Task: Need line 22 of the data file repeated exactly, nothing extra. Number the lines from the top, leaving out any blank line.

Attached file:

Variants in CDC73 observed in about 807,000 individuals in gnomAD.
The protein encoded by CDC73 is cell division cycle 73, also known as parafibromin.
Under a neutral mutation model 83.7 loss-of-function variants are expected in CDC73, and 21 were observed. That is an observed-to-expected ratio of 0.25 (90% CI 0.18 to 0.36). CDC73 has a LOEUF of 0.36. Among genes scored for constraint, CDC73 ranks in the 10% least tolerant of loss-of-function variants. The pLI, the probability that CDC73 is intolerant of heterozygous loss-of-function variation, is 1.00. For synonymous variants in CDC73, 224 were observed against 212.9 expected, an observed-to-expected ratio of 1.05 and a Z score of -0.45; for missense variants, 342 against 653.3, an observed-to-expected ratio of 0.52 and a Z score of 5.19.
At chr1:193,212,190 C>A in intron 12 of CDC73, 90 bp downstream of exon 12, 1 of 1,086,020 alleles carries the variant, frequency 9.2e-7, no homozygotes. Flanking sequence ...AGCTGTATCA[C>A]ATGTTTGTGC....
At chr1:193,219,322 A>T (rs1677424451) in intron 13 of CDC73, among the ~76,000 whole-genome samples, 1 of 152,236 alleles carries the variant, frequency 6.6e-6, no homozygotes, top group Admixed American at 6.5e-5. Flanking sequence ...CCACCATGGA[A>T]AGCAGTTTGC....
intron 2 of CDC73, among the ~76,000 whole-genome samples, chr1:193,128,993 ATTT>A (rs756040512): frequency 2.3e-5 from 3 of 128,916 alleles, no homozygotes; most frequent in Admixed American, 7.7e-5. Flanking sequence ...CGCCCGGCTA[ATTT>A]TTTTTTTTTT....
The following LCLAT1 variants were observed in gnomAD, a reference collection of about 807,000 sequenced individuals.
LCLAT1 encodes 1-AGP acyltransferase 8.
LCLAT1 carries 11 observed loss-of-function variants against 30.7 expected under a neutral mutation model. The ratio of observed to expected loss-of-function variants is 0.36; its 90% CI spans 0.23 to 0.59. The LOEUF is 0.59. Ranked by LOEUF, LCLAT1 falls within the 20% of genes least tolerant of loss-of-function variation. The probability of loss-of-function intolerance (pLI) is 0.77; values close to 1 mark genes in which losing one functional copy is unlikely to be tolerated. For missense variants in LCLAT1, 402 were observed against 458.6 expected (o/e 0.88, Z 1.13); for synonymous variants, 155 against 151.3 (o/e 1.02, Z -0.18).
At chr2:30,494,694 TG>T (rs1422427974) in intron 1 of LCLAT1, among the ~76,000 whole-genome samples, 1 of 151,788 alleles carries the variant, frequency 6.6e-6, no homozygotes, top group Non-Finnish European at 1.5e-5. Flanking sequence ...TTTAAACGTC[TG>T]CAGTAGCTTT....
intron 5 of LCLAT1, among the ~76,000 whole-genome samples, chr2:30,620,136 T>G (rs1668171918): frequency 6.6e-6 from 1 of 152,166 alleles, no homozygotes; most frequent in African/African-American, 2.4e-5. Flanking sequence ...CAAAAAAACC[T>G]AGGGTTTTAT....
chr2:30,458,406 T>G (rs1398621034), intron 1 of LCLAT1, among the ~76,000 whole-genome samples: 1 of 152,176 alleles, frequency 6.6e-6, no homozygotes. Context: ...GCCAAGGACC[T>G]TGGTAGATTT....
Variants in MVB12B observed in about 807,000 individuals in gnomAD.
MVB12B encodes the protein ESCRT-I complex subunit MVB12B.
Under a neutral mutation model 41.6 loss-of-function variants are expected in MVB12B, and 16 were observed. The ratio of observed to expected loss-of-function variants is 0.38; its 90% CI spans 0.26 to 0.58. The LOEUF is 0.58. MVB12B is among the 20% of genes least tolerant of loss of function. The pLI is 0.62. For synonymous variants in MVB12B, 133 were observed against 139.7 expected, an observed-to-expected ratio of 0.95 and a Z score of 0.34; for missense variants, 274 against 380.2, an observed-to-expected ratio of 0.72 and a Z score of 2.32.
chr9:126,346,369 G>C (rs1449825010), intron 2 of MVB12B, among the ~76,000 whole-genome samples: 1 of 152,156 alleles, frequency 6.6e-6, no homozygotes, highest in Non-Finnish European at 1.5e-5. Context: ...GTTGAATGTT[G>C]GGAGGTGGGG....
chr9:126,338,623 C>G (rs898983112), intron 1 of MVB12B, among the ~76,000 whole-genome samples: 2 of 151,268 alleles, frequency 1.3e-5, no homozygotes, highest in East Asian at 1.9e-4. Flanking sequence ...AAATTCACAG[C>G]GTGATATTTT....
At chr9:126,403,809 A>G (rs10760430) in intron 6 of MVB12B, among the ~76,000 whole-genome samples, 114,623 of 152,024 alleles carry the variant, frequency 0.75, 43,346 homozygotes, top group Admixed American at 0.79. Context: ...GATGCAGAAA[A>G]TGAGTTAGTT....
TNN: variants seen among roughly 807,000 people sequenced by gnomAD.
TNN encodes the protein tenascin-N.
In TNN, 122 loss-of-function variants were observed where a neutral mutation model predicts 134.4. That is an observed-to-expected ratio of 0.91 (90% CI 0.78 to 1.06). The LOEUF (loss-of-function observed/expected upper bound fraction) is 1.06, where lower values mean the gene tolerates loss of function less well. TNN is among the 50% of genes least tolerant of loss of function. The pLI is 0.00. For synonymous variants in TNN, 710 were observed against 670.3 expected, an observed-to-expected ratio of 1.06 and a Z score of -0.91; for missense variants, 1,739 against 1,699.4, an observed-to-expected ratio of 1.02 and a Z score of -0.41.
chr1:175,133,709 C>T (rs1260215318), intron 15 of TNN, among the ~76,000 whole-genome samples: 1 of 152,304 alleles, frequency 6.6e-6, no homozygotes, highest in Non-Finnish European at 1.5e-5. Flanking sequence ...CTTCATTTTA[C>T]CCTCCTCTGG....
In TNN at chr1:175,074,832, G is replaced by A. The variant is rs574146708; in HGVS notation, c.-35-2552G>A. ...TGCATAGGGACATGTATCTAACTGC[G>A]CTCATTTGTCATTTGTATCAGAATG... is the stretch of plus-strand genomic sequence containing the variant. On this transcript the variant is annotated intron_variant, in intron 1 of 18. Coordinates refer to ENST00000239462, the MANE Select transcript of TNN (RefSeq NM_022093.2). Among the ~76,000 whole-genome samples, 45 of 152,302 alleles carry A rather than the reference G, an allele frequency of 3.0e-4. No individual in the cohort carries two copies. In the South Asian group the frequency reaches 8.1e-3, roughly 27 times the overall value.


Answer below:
chr1:175,133,709 C>T (rs1260215318), intron 15 of TNN, among the ~76,000 whole-genome samples: 1 of 152,304 alleles, frequency 6.6e-6, no homozygotes, highest in Non-Finnish European at 1.5e-5. Flanking sequence ...CTTCATTTTA[C>T]CCTCCTCTGG....